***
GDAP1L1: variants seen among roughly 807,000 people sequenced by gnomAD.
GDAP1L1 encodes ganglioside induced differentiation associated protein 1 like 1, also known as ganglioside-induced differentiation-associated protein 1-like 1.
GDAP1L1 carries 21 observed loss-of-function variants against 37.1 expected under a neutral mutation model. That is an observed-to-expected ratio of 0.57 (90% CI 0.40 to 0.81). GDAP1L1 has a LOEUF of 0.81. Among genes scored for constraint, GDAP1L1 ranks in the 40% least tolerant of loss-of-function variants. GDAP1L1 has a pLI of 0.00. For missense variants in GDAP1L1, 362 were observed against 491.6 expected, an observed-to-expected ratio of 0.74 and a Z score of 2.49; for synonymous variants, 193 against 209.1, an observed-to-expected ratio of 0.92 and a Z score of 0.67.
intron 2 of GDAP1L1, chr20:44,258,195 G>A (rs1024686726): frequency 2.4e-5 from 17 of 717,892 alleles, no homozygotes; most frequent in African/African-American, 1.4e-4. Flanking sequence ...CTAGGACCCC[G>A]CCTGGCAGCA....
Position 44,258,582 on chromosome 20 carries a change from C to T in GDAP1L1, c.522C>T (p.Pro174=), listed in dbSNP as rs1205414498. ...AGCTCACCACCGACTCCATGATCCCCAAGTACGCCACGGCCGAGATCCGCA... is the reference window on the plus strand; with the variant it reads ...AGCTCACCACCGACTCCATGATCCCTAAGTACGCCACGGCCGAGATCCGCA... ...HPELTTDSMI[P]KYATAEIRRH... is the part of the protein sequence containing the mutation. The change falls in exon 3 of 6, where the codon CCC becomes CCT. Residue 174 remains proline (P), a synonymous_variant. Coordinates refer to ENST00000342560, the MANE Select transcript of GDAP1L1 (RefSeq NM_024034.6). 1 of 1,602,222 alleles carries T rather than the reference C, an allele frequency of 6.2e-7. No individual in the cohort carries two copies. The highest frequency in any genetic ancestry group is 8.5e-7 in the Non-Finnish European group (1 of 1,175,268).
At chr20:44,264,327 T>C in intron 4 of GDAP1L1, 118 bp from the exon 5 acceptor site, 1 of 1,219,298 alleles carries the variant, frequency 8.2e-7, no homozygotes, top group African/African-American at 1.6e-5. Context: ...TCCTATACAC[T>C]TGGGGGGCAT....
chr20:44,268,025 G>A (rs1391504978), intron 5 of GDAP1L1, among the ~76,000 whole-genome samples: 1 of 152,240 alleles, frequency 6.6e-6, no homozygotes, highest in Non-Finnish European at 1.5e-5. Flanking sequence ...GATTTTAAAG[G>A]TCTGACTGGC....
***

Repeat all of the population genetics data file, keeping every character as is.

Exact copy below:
GDAP1L1: variants seen among roughly 807,000 people sequenced by gnomAD.
GDAP1L1 encodes ganglioside induced differentiation associated protein 1 like 1, also known as ganglioside-induced differentiation-associated protein 1-like 1.
GDAP1L1 carries 21 observed loss-of-function variants against 37.1 expected under a neutral mutation model. That is an observed-to-expected ratio of 0.57 (90% CI 0.40 to 0.81). GDAP1L1 has a LOEUF of 0.81. Among genes scored for constraint, GDAP1L1 ranks in the 40% least tolerant of loss-of-function variants. GDAP1L1 has a pLI of 0.00. For missense variants in GDAP1L1, 362 were observed against 491.6 expected, an observed-to-expected ratio of 0.74 and a Z score of 2.49; for synonymous variants, 193 against 209.1, an observed-to-expected ratio of 0.92 and a Z score of 0.67.
intron 2 of GDAP1L1, chr20:44,258,195 G>A (rs1024686726): frequency 2.4e-5 from 17 of 717,892 alleles, no homozygotes; most frequent in African/African-American, 1.4e-4. Flanking sequence ...CTAGGACCCC[G>A]CCTGGCAGCA....
Position 44,258,582 on chromosome 20 carries a change from C to T in GDAP1L1, c.522C>T (p.Pro174=), listed in dbSNP as rs1205414498. ...AGCTCACCACCGACTCCATGATCCCCAAGTACGCCACGGCCGAGATCCGCA... is the reference window on the plus strand; with the variant it reads ...AGCTCACCACCGACTCCATGATCCCTAAGTACGCCACGGCCGAGATCCGCA... ...HPELTTDSMI[P]KYATAEIRRH... is the part of the protein sequence containing the mutation. The change falls in exon 3 of 6, where the codon CCC becomes CCT. Residue 174 remains proline (P), a synonymous_variant. Coordinates refer to ENST00000342560, the MANE Select transcript of GDAP1L1 (RefSeq NM_024034.6). 1 of 1,602,222 alleles carries T rather than the reference C, an allele frequency of 6.2e-7. No individual in the cohort carries two copies. The highest frequency in any genetic ancestry group is 8.5e-7 in the Non-Finnish European group (1 of 1,175,268).
At chr20:44,264,327 T>C in intron 4 of GDAP1L1, 118 bp from the exon 5 acceptor site, 1 of 1,219,298 alleles carries the variant, frequency 8.2e-7, no homozygotes, top group African/African-American at 1.6e-5. Context: ...TCCTATACAC[T>C]TGGGGGGCAT....
chr20:44,268,025 G>A (rs1391504978), intron 5 of GDAP1L1, among the ~76,000 whole-genome samples: 1 of 152,240 alleles, frequency 6.6e-6, no homozygotes, highest in Non-Finnish European at 1.5e-5. Flanking sequence ...GATTTTAAAG[G>A]TCTGACTGGC....